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Publication numberUS7116236 B2
Publication typeGrant
Application numberUS 10/852,592
Publication dateOct 3, 2006
Filing dateMay 24, 2004
Priority dateDec 13, 2000
Fee statusPaid
Also published asUS6753785, US20020121973, US20050007253, WO2002048984A1
Publication number10852592, 852592, US 7116236 B2, US 7116236B2, US-B2-7116236, US7116236 B2, US7116236B2
InventorsAnthony F. Denietolis, Jr., James G. Burke, III
Original AssigneeAntron Engineering & Machine Co., Inc.
Export CitationBiBTeX, EndNote, RefMan
External Links: USPTO, USPTO Assignment, Espacenet
Oil tank sight glass monitor
US 7116236 B2
Abstract
An oil tank sight glass monitor comprising a housing having an opening therein sized to receive the sight glass of an oil tank; an emitter for emitting a beam of light, the emitter being mounted to the housing on one side of the opening so that the beam of light is directed across the opening; a detector for detecting the beam of light generated by the emitter, the detector being mounted to the housing on the other side of the opening, in optical alignment with the emitter, so as to detect the beam of light emitted by the emitter; and an alarm for producing an audible sound when the detector fails to detect the beam of light generated by the emitter.
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Claims(4)
1. An oil tank sight glass monitor comprising:
a housing having an opening therein sized to receive the sight glass of an oil tank;
an emitter for emitting a beam of light, said emitter being mounted to said housing on one side of said opening so that said beam of light is directed across said opening;
a detector for detecting said beam of light generated by said emitter, said detector being mounted to said housing on the other side of said opening, in optical alignment with said emitter, so as to detect said beam of light emitted by said emitter; and
an alarm for producing an audible sound when said detector fails to detect said beam of light generated by said emitter.
2. An oil tank sight glass monitor according to claim 1 further comprising a controller for controlling the operation of said emitter and said detector.
3. An oil tank sight glass monitor according to claim 2 wherein said controller is configured so that it will only activate said emitter and said detector periodically, with said monitor assuming a sleep mode between these periods of activation.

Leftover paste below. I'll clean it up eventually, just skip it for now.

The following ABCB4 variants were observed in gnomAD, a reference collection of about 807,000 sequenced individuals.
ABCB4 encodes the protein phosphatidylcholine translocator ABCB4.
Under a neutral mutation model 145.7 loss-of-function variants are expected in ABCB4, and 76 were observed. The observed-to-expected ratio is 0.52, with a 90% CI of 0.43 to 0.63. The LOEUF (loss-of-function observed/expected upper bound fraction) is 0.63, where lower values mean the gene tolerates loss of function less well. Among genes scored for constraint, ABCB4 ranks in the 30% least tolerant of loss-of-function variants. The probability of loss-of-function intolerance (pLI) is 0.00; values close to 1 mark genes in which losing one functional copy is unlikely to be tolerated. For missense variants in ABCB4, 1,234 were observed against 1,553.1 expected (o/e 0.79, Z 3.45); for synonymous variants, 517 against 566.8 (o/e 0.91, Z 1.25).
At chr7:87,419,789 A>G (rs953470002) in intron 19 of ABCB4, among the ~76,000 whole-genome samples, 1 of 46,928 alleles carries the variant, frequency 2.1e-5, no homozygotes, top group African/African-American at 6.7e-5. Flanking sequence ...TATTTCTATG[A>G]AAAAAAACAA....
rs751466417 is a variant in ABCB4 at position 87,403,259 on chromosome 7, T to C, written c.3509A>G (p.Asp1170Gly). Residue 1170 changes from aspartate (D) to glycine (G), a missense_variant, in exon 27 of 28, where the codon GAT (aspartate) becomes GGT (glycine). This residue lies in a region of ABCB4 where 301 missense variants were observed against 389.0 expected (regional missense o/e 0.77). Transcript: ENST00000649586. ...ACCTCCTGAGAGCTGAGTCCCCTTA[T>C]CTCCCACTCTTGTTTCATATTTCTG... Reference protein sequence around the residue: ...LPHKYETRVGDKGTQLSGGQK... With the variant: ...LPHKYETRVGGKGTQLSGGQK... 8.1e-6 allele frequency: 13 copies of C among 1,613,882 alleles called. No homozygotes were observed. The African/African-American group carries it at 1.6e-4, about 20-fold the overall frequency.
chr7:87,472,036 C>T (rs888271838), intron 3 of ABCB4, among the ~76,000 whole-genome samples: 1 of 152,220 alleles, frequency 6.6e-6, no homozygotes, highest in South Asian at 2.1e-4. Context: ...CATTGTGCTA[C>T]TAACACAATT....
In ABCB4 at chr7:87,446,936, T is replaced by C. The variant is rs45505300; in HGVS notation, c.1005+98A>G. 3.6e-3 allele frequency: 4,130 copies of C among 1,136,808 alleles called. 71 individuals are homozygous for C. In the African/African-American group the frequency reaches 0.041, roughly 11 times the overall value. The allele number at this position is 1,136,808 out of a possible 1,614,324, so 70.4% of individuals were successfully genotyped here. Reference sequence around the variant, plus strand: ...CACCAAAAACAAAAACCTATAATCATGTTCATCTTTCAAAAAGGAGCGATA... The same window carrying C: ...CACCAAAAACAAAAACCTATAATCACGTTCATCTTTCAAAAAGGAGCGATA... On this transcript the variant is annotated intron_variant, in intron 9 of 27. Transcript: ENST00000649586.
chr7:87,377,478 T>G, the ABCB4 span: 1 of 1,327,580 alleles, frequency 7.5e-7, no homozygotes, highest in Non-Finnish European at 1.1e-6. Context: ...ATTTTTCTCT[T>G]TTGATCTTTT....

4. An oil tank sight glass monitor according to claim 1 wherein said alarm comprises an RF transmitter and an RF receiver, said RF transmitter being located in said housing and said RF receiver being located in a second housing to be disposed at a remote location, and further wherein said RF transmitter sends an RF signal to said RF receiver when said detector fails to detect said beam of light, whereby said RF receiver will produce an audible sound.
Description
REFERENCE TO PENDING PRIOR PATENT APPLICATION

This is a continuation of pending prior U.S. Patent Application Serial No. 10/017,943 now U.S. Pat. No. 6,753,785, filed Dec. 13, 2001 by Anthony F. Denietolis, Jr. et al. for OIL TANK SIGHT GLASS MONITOR, which in turn claims benefit of U.S. Provisional Patent Application Ser. No. 60/255,306, filed Dec. 13, 2000 by Anthony F. Denietolis, Jr. et al. for OIL TANK DETECTOR, which patent application is hereby incorporated herein by reference.

FIELD OF THE INVENTION

This invention relates to heating systems in general, and more particularly to oil-based heating systems.

BACKGROUND OF THE INVENTION

Many home heating systems use oil as their fuel. In the typical situation, the oil furnace and its associated oil tank are located in the basement of the house, with heat being delivered to the upstairs living spaces by hot water circulated through radiators or hot air discharged through vents.

The oil tanks typically have a refill line which extends from the oil tank up to the side of the house, where the refill line can be accessed for refilling by an oil truck. In addition, the oil tanks typically have a fuel level gauge, commonly called a sight glass, on the top of the tank to show how much oil is in the oil tank.

More particularly, and referring now to FIGS. 1–3, there is shown a conventional oil tank sight glass SG. Sight glass SG is transparent and contains a moving indicator MI which is supported by a shaft S which is in turn attached to a float (not shown) located in the oil tank (not shown). The height of moving indicator MI within sight glass SG corresponds to the height of the oil in the oil tank: as the level of the oil in the oil tank decreases, the height of moving indicator MI drops within sight glass SG.

The foregoing arrangement provides a simple, reliable and economical means for indicating the amount of oil present in the oil tank. Unfortunately, however, this arrangement also suffers from the fact that it is limited to line of sight. Thus, where the oil tank is located in the basement of a house, a person must go down to the basement in order to check on the level of oil in the oil tank. This can be inconvenient and may lead to a failure to regularly monitor the level of oil in the oil tank, which may in turn result in accidentally depleting all of the oil in the oil tank.